(As evidence that intelligence has more to do with education and environment than genetics, consider children adopted into First World families from Third World countries. In most cases of which I have personal knowledge, provided they join their new families early enough (i.e. during the first year or two of their lives), they generally seem to grow up exhibiting the average education and intelligence levels of the culture and society within which their adoptive families live. Their blood relatives may have a low IQ, but they will exhibit a substantially higher one, in line with their adoptive relatives. I think that settles the genes-versus-environment argument as regards IQ.)
Be that as it may, Africa today is a living example of what the lack of education, and the lack of intelligence, can do to peoples and cultures. I’ve seen this in action so many times I’ve lost count of it. It reveals itself in many, many ways.
- Armed tribes/militias/groups will set up roadblocks, or take over transport hubs, in order to hijack and steal as much aid as possible for their own benefit, even though they know (based on previous experience) that aid will dry up in the face of their depredations, as providers look for more secure routes.
- Armed dittos will terrorize, persecute and exploit local populations, wringing out of them every last cent and everything of value that they can, ignoring the reality that trying to exploit those in the last extremity of poverty (to which they’ve driven them) is pointless – because there isn’t anything worth exploiting. They can’t see that reality, so they go right on acting like rabid animals. It’s usually necessary to stop them by killing them. Nothing else works.
- Aid workers will try to teach villages, or tribes, or entire regions, how to use better agricultural methods, or how to operate machinery such as well pumps, or how to improve hygiene and personal medical care, ignoring the reality that the locals simply don’t have the intelligence or the mental ‘equipment’ to be self-reliant after the aid workers have moved on. Several years later, when the aid workers return, they’re invariably astonished and depressed to find that their ‘good work’, and the infrastructure they left behind, has collapsed. Everything has to be done all over again, starting from scratch.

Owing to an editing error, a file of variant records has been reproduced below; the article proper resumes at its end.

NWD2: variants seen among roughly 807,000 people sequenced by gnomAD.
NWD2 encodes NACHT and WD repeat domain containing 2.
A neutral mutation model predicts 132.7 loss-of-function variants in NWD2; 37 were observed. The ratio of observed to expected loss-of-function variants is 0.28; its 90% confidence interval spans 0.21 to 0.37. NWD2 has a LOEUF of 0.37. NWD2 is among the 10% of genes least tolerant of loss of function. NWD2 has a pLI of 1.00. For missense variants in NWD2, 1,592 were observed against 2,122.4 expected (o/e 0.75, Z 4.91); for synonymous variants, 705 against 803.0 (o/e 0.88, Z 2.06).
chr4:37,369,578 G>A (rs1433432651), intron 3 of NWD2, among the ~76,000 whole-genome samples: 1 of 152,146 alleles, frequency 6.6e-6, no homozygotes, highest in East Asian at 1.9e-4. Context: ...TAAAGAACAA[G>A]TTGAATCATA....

- Aid organizations will often take a few brighter locals and teach them how to do certain technical or administrative tasks, hoping they’ll become leaders in their communities. They’re almost invariably disappointed when those individuals use their new-found knowledge for their own benefit, making themselves indispensable to their people and charging money (or kickbacks in kind) to use that knowledge to help them. Some become tyrants; others, warlords.
- I’ve seen some aid organizations recruit, train and arm guards to protect their installations and programs. So far, so good . . . but when the aid organizations move on, in every single instance of which I’m aware, the newly trained and armed guards turned into a local gang, terrorizing everyone in the area and using their weapons to benefit themselves alone. “Might makes right” isn’t just a Western concept.
Based on my extensive experience of Africa, I suggest there are two – and only two – ways in which Western aid should be focused in the short term. The first is education. Teach people the basics of how to think, how to use their brains – and do so in a way that is tailored to their current levels of intelligence. Don’t expect a teenager with an IQ of 70 to function at the same level as someone with an IQ of 100. He must be taught things he can do – and at which he can succeed – that are commensurate with where he’s at right now. That way, he won’t get discouraged and abandon his studies. He can be set tasks that grow progressively more complex and more difficult, but not at a level he can’t master. His children will go further, and his children’s children further still . . . but he won’t. He can’t. That’s the brutal reality of the situation.
The second way in which aid can be useful is in providing basic infrastructure that is operable, and maintainable, and sustainable, by people in the IQ range we’ve discussed. Examples: